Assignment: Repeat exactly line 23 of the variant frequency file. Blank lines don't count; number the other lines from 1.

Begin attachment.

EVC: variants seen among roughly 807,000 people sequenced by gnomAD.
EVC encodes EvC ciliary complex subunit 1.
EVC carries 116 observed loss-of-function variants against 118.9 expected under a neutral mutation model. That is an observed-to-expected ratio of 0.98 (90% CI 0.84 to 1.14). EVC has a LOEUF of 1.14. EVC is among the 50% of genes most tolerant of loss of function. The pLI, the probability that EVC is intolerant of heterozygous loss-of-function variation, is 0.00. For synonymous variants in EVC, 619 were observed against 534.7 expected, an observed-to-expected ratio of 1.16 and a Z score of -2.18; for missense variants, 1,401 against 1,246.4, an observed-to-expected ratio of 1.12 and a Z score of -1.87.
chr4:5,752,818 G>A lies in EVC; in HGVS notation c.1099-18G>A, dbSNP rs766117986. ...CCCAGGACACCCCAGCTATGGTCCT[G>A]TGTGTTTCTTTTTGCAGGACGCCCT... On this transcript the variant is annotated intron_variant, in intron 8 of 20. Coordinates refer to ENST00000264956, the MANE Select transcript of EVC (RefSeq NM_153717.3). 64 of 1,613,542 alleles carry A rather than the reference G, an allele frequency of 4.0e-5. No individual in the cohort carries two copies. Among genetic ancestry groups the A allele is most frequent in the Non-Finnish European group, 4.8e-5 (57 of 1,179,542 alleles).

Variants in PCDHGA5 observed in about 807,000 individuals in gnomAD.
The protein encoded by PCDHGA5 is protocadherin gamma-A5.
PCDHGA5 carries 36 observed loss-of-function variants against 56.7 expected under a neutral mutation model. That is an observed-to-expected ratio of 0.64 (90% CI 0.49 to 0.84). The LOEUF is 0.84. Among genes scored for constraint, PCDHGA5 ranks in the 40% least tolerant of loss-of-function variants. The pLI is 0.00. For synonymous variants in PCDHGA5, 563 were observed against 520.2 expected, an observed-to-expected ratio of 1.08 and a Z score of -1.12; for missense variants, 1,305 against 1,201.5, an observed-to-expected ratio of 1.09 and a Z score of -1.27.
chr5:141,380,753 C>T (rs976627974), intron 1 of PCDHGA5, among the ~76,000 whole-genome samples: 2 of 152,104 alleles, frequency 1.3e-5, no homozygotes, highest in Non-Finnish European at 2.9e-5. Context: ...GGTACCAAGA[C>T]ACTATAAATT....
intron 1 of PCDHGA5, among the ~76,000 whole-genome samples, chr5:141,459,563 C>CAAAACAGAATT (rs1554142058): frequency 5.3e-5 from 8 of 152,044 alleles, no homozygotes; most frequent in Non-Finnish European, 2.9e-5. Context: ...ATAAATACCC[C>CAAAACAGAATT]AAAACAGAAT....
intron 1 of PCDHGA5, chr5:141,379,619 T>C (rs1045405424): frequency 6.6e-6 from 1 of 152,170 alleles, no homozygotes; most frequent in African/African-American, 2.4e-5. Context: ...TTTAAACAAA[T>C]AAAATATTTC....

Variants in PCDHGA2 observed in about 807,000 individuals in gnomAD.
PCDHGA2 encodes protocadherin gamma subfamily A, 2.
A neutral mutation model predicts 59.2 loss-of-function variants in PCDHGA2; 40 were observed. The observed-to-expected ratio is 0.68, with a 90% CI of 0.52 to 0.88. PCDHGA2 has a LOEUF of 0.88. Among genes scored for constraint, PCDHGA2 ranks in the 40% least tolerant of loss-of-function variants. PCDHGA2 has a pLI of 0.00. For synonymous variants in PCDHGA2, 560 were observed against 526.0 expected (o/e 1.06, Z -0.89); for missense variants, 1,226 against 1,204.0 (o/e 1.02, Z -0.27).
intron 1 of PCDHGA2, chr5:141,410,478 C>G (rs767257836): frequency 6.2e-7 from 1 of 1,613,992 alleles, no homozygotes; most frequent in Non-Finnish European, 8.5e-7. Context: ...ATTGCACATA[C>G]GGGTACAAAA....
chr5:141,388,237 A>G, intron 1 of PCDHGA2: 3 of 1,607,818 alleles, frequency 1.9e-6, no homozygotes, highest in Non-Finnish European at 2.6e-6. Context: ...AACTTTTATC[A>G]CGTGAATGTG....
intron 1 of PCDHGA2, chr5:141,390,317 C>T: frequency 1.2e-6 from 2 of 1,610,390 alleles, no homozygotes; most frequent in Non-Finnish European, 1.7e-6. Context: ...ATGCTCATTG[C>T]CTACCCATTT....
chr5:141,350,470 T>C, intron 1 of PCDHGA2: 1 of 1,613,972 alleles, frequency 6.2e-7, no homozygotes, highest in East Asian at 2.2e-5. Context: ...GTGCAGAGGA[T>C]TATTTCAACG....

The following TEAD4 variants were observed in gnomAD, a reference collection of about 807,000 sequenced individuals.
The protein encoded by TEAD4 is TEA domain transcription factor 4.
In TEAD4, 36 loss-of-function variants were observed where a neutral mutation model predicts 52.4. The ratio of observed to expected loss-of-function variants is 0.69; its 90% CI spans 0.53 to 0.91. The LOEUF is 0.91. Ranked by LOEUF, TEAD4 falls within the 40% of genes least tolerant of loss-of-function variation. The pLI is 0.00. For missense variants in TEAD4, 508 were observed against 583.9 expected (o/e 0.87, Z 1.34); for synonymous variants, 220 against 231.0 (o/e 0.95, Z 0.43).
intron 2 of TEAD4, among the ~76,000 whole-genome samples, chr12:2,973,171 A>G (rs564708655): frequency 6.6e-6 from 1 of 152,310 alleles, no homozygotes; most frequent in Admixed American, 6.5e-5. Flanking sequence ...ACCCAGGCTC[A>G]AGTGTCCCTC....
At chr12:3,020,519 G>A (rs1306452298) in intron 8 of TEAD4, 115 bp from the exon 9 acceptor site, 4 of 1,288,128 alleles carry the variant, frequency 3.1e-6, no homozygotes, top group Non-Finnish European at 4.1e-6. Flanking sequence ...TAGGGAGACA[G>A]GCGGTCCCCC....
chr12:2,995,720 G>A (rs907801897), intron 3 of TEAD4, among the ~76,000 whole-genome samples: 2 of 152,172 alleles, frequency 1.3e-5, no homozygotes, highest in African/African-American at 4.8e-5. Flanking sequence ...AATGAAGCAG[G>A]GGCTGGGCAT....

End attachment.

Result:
chr12:2,995,720 G>A (rs907801897), intron 3 of TEAD4, among the ~76,000 whole-genome samples: 2 of 152,172 alleles, frequency 1.3e-5, no homozygotes, highest in African/African-American at 4.8e-5. Flanking sequence ...AATGAAGCAG[G>A]GGCTGGGCAT....